These headphones are dramatic. Like ex-girlfriend finding a picture of you with a new girl on your Facebook dramatic. This song just comes alive, with the guitars revealing the rub of the fingers on the strings, the vocals neither too forward nor too back, allowing the deep melody and dynamics to share equal footing. Nothing is overpowered; every instrument feels like it is right at home in the soundstage.
The chorus hits, and that distorted guitar hits those two high notes with such an effortless presentation that you just crack a smile. There is no harsh, sibilant treble here; the treble is perfection. The three hits to the toms and drums after the chorus come through deep and expansive, powerful and tight. Then the guitar solo kicks in and the guitar just talks with that analog, creamy, pleasing overgain, and the tom drums, acute high hat right on your right ear drum, and fill guitars just balance like a ballerina performing her final act. The guitars really talk to you, telling you every little vibration that makes them come alive. The drums oppose the lead guitar for those double hits on the cymbals and snares while the guitar hits those tri-notes over and over, neither one wanting to overpower the other.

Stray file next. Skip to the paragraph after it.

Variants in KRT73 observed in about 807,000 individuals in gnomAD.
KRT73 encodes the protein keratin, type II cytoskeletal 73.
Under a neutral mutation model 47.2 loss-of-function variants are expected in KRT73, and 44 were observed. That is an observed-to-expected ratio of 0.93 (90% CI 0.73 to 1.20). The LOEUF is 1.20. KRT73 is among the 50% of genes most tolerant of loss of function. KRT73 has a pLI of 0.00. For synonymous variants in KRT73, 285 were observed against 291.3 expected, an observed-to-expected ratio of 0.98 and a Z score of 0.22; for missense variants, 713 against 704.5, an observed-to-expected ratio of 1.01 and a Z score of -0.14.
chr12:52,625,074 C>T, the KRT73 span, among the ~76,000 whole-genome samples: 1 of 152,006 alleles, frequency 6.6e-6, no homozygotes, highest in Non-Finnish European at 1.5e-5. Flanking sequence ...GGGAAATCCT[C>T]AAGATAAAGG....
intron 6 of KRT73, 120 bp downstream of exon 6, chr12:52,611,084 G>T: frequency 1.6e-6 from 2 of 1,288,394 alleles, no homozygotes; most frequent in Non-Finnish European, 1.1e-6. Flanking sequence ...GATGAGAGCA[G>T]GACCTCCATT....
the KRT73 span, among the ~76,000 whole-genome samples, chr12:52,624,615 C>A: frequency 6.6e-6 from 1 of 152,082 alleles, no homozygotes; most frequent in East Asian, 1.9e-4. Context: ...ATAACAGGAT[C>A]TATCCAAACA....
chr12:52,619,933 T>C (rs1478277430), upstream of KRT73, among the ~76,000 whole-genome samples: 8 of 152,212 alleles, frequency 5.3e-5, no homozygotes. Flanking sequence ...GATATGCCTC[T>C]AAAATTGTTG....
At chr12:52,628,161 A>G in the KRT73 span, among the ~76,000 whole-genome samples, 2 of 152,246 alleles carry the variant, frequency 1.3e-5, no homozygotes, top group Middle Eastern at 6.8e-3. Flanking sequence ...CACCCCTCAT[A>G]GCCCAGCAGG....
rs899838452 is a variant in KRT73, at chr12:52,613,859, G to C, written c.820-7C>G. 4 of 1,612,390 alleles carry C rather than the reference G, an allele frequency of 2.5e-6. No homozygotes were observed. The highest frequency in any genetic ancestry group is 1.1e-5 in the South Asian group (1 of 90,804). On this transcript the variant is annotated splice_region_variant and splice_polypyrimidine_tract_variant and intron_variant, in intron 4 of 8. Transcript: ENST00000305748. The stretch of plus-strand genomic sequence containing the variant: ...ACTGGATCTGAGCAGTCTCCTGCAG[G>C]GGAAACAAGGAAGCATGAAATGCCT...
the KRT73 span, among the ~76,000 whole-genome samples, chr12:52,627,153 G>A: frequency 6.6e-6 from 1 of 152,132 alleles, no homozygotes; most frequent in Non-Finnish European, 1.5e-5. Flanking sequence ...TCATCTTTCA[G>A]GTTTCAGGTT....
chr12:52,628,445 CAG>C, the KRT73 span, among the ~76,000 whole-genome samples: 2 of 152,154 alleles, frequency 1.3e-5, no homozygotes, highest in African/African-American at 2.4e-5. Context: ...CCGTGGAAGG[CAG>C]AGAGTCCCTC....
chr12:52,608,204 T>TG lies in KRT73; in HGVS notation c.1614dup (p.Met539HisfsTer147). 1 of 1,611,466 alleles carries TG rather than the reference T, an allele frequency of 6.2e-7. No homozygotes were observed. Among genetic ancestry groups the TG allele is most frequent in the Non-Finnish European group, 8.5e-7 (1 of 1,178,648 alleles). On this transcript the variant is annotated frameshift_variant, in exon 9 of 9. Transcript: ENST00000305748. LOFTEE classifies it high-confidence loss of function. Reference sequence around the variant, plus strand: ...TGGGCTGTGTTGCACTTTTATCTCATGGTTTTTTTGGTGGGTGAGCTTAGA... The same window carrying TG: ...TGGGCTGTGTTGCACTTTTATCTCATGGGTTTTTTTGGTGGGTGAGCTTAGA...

While the bass is lacking in sheer decibel value compared to other headphones, it makes up for this in spades with absolutely rock solid and tight representation. This bass is nowhere near sloppy; it's so composed and expressive that you find yourself only wishing for more, simply because of how good it is.